Please use this identifier to cite or link to this item: http://hdl.handle.net/1893/118

Appears in Collections:Aquaculture eTheses
Title: The role of traditional aquaculture systems and fish in food security and livelihoods of fishing communities in two states in Nigeria
Authors: Gomna, Ahmed
Supervisor(s): Rana, Krishen
Issue Date: Nov-2005
Publisher: University of Stirling
Abstract: This study has examined the role of traditional aquaculture systems and fish in food security and livelihoods of fishing communities in two states in Nigeria. The research focused on the productivity, sustainability and profitability of the aquaculture systems including social and economic conditions of farmers. The study also compared the relative importance of fish as a high quality protein source with meats in fishing communities in two states in Nigeria. Data were collected from 400 farmers with modern and traditional aquaculture systems in Niger and Lagos states using semi-structured questionnaires. Modern aquaculture consisted of small fish ponds with an average size of 0.1 ha. Liming was not widespread among farmers with fish ponds but fertilisation was done before stocking by applying fertilisers of both organic and inorganic origins. Farmers (90%) obtained their seeds from the hatcheries and the average stocking density was 5730 ha-1. Polyculture was widely practised by farmers and local feeds were used in feeding fish. Fish shelters and fish fences were the traditional aquaculture systems that were widely practised in two states in Nigeria and are poorly researched and recorded. Various materials were used in the construction of traditional aquaculture systems including branches, elephant grasses, worn out tyres, PVC pipes and clay pots and, were constructed in order to aggregate fish. There was no significant (p > 0.05) difference in yield of fish from fish parks and modern aquaculture systems. The study showed that fishermen prefer fishing in the vicinity of fish parks, tube shelters and fish fences because they make more catches around the installations. Cost–benefit analysis showed that traditional aquaculture systems are profitable because the level of investment required to set and maintain them is quite low compared to returns obtained from them. Fifty actively fishing and fifty non–fishing households in traditional fishing communities were randomly selected in Niger and Lagos states for fish consumption survey. A Simple scale was designed and given to each household to measure fish or meat entering the household for consumption. Intra household fish distribution and consumption was obtained by 24 hour recall method. A large number of fish species were consumed in the fishing communities confirming the relative abundance of the species in local rivers, floodplains and lagoons. Tilapia was the most consumed fish species contributing 19 and 32% by weight of the fish consumed in Niger and Lagos state, respectively. Beef was the most consumed meat followed by goat meat. The study reveals high preference for fresh fish and meat. Highest fish consumption occurred in March corresponding to period of lowest meat consumption. Traditional aquaculture systems and capture fisheries were the main sources of fish in the fishing communities contributing 85% by weight to fish consumed. Male heads of households consumed higher amount of fish than other members of the household. Average weight of fish consumed per person per day was 24 g. Fish contributed 77% to total animal protein in diet of the people and was eaten daily by fishermen thus confirming the importance of fish in the food security of fishing communities.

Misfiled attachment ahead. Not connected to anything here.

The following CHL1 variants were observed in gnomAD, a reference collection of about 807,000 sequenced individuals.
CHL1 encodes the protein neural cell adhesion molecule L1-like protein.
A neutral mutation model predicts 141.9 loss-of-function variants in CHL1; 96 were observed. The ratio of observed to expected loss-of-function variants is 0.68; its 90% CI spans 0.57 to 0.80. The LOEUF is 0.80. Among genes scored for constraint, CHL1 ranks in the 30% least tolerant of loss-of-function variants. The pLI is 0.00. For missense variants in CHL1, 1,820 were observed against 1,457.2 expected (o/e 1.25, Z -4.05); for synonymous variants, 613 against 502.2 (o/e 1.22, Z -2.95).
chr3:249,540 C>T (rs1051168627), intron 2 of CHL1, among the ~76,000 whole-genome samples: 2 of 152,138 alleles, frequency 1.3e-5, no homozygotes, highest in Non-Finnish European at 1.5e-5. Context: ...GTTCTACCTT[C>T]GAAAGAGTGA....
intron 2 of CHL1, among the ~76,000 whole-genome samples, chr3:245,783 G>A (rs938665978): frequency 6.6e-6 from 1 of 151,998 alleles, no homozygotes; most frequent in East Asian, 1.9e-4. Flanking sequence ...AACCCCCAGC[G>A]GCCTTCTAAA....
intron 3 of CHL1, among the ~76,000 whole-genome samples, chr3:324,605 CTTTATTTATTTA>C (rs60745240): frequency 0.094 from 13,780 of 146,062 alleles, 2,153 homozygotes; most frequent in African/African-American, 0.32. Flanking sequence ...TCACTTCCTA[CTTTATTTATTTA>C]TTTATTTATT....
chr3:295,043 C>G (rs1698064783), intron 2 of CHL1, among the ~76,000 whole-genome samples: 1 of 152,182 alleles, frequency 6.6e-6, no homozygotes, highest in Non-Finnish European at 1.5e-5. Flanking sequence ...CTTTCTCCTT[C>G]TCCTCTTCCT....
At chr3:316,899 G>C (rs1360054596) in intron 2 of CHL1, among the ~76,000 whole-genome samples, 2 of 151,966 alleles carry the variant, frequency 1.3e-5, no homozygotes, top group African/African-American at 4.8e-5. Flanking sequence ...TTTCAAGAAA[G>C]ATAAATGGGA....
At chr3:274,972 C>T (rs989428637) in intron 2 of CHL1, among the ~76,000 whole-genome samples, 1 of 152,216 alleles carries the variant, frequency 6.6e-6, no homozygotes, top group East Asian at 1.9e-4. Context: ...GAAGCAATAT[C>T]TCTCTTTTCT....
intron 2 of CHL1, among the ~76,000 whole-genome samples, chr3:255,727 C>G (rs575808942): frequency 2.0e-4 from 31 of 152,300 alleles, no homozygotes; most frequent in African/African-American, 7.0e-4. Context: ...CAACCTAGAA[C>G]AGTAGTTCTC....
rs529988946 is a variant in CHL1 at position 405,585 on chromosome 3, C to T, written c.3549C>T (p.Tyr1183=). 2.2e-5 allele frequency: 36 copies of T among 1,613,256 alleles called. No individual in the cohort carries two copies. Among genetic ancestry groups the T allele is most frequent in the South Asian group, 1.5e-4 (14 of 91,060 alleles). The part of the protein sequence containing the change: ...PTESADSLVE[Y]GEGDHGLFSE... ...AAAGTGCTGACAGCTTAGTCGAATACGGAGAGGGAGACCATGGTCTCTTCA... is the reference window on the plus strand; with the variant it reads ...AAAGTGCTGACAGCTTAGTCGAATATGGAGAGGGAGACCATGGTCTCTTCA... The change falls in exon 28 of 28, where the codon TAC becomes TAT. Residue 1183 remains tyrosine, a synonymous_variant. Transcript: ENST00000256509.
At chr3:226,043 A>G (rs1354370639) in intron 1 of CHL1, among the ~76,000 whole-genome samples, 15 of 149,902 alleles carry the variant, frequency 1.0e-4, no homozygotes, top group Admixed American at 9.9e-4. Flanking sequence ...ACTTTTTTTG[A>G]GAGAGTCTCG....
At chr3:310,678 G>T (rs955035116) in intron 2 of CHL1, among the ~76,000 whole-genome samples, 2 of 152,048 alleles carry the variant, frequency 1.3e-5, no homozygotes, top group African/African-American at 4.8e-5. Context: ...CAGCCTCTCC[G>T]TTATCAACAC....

Type: Thesis or Dissertation
URI: http://hdl.handle.net/1893/118
Affiliation: School of Natural Sciences
Aquaculture

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